We’ve all been captivated by the scenes from Kilauea and the communities of Leilani Estates and Pahoa, where fissures from the erupting volcano have emerged in the middle of neighborhoods, forcing evacuations and causing fires as the slow moving lava has no shortage of fuel.
One thing that separates Kilauea from other volcanoes is the slow creep of lava, coupled with a tropical location. Instead of the various gasses settling out with the dust and ash cloud, emitted in an explosive eruption, it’s seeping out slowly and hanging, alone in the skies above Hawai’i.
Hawai’I is well known for its countryside, which is only possible because of all the available moisture in the area. Inevitably, a tropical wave will move into the area, and the winds driving into the high peaks of the Big Island will form rain showers. Now, however, the uninvited guest of sulfur dioxide will mix with the water vapor forming clouds.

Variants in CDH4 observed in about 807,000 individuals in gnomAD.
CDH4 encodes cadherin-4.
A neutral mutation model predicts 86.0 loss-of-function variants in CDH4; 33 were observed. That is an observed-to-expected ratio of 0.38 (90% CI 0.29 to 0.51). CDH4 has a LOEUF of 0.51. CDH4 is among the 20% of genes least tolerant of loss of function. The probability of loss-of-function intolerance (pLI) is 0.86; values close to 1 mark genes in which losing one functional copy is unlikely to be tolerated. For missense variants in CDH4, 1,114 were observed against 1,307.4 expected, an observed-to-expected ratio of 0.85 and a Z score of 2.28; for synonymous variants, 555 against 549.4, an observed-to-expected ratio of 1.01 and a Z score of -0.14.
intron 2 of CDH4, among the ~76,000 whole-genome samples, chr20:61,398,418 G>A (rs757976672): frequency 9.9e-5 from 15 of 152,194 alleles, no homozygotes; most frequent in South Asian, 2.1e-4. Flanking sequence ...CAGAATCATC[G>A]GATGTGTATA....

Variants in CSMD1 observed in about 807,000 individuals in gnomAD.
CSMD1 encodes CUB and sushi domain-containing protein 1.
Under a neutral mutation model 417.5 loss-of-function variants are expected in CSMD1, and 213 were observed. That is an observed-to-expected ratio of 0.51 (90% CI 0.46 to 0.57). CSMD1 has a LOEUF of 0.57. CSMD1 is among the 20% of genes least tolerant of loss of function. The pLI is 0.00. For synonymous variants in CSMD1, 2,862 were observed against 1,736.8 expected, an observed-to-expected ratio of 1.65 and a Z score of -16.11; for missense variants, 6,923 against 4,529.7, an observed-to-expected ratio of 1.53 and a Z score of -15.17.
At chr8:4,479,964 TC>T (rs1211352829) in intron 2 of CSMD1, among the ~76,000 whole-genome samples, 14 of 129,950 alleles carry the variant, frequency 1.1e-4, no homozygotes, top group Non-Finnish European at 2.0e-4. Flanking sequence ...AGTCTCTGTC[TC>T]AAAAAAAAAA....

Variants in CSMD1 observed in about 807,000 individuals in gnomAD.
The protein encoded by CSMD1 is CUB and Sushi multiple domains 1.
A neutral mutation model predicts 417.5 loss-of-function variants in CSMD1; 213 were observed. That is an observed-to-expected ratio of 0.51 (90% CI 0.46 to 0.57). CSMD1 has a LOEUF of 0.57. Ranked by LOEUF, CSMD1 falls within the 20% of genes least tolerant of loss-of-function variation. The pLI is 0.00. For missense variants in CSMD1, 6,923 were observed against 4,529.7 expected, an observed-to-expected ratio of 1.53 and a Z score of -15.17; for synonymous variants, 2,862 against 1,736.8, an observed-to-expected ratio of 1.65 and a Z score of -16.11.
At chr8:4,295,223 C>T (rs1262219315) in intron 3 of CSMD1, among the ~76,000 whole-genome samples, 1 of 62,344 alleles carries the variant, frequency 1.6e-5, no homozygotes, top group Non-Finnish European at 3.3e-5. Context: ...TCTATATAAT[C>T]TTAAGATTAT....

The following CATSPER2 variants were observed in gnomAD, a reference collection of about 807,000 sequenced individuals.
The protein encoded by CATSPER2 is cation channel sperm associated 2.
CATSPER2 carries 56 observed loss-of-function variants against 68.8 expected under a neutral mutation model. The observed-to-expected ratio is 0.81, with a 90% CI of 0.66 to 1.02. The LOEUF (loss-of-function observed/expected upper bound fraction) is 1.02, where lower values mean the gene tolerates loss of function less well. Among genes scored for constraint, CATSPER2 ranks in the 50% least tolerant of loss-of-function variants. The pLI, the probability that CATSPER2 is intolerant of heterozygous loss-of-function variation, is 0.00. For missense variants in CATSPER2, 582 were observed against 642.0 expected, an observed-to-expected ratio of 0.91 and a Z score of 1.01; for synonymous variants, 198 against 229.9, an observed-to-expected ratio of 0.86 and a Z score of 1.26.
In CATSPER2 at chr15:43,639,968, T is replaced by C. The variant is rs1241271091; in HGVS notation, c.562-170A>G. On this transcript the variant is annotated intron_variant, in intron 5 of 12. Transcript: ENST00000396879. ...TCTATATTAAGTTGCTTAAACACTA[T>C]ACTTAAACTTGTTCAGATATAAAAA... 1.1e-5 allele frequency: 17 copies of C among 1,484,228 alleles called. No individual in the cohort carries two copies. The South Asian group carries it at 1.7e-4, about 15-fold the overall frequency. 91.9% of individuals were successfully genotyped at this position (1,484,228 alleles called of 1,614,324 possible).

As a result, acid rain is a real possibility for part of The Big Island around Kilauea. Fortunately, sulfur dioxide is a fairly heavy compound, and the threat for such an event covers a small area geographically. Still, Hawai’i is known for plant life, which will be effected by the potentially dangerous rain, and one of Hawai’I’s largest cities, Hilo, is downhill from Pahoa and Leilani Estates.
When Kilauea finally stops erupting, the first heavy rainfall around the volcano should effectively eliminate the threat of continued acid rain. Unfortunately, the geology is tougher to forecast than the meteorology in this instance, and nobody quite knows when that will be.